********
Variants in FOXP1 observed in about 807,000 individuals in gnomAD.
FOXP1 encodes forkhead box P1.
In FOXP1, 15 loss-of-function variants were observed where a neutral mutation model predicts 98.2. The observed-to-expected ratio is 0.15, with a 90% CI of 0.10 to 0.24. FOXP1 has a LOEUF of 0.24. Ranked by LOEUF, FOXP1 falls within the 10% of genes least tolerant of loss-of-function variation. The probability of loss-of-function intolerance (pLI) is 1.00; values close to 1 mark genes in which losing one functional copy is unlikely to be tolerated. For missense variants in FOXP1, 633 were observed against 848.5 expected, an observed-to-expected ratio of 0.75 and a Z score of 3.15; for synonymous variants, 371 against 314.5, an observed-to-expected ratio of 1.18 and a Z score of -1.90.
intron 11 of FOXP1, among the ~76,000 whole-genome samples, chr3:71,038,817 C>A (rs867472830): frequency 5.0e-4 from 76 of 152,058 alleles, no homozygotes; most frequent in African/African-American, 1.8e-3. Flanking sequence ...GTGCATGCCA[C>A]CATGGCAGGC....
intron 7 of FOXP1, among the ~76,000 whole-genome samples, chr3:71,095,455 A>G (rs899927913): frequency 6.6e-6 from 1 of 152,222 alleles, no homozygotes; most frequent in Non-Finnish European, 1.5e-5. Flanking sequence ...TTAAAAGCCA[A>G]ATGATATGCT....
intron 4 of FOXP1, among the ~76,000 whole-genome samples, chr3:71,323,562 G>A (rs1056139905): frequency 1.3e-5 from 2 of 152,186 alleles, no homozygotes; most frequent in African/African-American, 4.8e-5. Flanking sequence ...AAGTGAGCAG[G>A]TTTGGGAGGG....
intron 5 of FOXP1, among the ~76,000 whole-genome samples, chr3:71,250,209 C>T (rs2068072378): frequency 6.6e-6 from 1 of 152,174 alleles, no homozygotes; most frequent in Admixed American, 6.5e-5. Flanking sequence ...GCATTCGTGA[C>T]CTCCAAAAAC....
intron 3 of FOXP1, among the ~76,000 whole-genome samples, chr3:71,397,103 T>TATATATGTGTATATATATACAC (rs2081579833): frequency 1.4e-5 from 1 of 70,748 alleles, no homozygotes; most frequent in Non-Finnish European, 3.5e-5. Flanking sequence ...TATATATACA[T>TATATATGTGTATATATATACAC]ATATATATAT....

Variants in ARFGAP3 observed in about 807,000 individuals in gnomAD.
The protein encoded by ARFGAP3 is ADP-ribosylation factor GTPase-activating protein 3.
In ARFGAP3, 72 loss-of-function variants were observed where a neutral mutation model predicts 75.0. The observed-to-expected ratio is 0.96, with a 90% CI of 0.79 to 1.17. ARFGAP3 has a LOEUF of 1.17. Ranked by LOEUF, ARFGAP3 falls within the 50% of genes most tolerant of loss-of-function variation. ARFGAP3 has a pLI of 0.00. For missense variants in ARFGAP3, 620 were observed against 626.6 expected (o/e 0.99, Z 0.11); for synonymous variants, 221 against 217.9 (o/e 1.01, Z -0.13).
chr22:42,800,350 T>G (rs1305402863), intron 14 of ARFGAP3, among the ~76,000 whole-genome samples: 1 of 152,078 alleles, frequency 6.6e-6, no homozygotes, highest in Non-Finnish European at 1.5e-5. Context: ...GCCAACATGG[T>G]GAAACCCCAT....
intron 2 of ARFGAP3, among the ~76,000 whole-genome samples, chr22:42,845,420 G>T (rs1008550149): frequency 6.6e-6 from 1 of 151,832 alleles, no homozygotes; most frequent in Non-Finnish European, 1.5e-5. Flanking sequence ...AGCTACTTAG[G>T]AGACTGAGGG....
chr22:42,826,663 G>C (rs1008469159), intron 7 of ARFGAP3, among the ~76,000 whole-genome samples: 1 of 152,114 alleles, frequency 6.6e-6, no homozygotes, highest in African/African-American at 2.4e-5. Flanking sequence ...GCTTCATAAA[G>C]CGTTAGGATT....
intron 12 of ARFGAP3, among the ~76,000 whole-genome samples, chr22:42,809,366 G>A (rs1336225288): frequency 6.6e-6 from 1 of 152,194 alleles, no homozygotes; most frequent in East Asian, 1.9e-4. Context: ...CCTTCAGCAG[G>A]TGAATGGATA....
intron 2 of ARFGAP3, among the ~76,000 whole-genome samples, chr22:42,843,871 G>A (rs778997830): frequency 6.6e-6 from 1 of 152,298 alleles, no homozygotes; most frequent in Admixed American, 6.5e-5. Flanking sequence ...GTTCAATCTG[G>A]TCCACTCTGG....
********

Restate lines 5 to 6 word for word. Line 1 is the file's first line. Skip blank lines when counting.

intron 7 of FOXP1, among the ~76,000 whole-genome samples, chr3:71,095,455 A>G (rs899927913): frequency 6.6e-6 from 1 of 152,222 alleles, no homozygotes; most frequent in Non-Finnish European, 1.5e-5. Flanking sequence ...TTAAAAGCCA[A>G]ATGATATGCT....
intron 4 of FOXP1, among the ~76,000 whole-genome samples, chr3:71,323,562 G>A (rs1056139905): frequency 1.3e-5 from 2 of 152,186 alleles, no homozygotes; most frequent in African/African-American, 4.8e-5. Flanking sequence ...AAGTGAGCAG[G>A]TTTGGGAGGG....